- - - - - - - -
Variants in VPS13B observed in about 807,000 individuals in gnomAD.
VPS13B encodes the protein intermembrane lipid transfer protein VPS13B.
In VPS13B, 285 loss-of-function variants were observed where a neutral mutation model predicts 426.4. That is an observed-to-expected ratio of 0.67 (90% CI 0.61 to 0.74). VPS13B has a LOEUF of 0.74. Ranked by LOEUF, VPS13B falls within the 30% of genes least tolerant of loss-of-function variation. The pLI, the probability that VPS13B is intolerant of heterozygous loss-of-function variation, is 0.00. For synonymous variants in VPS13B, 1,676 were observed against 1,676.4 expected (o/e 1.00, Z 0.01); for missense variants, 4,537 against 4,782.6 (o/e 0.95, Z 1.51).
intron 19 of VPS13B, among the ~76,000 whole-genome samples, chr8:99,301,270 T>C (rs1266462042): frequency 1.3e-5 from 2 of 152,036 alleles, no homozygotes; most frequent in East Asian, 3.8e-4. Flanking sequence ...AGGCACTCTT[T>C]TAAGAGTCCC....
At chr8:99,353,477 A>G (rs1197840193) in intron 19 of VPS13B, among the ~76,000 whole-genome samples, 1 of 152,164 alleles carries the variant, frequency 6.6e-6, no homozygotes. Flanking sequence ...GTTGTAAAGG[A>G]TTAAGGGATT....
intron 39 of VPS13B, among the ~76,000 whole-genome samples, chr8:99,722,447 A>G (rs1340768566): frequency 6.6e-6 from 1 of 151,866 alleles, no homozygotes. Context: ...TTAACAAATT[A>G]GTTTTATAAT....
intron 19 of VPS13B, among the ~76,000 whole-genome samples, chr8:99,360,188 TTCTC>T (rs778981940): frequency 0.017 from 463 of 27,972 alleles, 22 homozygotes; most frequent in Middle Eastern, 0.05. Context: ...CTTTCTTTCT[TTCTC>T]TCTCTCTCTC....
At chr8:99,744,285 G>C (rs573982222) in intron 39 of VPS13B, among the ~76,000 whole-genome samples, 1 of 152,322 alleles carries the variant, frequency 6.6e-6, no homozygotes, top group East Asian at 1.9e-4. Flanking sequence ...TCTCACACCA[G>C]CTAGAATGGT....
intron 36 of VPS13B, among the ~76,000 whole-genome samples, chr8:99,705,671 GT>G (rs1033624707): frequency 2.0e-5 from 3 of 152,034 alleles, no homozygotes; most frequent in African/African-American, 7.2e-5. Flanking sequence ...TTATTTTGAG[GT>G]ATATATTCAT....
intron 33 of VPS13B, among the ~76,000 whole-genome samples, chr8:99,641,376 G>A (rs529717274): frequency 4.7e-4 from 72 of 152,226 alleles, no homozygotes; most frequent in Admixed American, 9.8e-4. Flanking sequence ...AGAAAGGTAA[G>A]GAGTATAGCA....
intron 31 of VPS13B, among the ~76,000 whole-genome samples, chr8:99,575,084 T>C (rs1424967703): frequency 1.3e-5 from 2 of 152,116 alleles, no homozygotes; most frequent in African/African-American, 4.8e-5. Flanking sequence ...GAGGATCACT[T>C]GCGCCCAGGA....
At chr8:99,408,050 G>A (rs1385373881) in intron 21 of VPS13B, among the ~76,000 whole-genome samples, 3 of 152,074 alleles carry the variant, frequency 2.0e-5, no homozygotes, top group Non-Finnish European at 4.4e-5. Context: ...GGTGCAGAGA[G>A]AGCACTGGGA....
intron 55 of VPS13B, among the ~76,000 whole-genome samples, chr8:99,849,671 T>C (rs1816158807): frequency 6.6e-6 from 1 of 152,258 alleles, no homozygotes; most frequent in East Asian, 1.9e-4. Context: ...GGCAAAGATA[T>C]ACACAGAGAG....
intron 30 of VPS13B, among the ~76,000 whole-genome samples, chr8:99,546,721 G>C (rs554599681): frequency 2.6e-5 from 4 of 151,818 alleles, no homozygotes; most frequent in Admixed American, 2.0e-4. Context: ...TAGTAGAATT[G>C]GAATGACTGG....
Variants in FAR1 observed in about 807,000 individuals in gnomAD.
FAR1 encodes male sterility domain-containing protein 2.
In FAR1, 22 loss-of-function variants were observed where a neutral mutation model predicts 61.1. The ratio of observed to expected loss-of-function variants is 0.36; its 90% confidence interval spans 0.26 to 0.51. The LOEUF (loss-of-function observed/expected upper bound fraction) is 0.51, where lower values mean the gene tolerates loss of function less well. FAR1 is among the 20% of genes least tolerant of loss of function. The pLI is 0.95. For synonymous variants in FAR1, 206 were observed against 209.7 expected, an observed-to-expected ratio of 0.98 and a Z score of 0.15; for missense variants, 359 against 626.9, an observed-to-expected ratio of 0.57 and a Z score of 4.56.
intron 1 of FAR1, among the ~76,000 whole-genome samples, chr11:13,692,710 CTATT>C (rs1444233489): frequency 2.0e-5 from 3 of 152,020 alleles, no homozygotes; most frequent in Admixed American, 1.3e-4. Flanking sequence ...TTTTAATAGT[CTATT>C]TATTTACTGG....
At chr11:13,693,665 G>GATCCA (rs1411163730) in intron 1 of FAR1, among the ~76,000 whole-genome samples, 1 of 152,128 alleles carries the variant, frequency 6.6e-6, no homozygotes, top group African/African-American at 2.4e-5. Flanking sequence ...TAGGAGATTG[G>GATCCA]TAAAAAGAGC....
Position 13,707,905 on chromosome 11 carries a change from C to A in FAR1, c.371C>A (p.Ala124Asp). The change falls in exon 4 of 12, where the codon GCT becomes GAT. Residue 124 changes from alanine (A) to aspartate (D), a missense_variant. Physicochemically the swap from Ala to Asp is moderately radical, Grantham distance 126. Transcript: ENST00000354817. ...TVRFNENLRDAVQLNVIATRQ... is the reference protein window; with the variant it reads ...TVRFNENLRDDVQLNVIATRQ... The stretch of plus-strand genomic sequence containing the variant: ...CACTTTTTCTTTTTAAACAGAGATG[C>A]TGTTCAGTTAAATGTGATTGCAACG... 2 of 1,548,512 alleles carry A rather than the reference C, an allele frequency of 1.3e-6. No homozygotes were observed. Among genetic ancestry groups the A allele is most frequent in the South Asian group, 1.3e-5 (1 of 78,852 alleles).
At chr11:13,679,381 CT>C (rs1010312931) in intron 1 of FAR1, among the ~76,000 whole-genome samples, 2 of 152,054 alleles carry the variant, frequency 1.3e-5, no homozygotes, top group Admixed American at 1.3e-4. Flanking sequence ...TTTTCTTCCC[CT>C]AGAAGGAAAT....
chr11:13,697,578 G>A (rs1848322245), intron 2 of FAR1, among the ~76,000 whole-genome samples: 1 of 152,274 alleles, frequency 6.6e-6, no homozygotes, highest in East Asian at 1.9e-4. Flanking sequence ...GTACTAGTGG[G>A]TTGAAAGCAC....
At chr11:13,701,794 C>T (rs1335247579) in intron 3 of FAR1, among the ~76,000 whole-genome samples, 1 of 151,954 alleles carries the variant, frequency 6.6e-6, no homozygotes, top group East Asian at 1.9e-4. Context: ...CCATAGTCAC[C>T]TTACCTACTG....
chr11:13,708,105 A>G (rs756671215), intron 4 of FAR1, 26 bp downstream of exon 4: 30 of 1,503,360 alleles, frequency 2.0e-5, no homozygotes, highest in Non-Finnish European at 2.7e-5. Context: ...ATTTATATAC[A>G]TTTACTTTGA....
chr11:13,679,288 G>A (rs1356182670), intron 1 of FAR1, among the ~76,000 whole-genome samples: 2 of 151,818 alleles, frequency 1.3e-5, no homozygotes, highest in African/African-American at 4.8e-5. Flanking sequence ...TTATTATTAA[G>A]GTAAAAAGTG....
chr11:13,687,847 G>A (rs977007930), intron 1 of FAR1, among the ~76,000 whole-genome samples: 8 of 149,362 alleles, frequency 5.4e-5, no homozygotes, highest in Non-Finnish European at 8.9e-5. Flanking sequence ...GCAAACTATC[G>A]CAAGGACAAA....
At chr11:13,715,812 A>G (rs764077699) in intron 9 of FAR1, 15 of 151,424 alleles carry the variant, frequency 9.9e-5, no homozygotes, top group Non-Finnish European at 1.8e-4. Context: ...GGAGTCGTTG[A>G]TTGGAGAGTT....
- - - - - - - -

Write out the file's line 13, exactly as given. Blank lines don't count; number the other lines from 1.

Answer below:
intron 55 of VPS13B, among the ~76,000 whole-genome samples, chr8:99,849,671 T>C (rs1816158807): frequency 6.6e-6 from 1 of 152,258 alleles, no homozygotes; most frequent in East Asian, 1.9e-4. Context: ...GGCAAAGATA[T>C]ACACAGAGAG....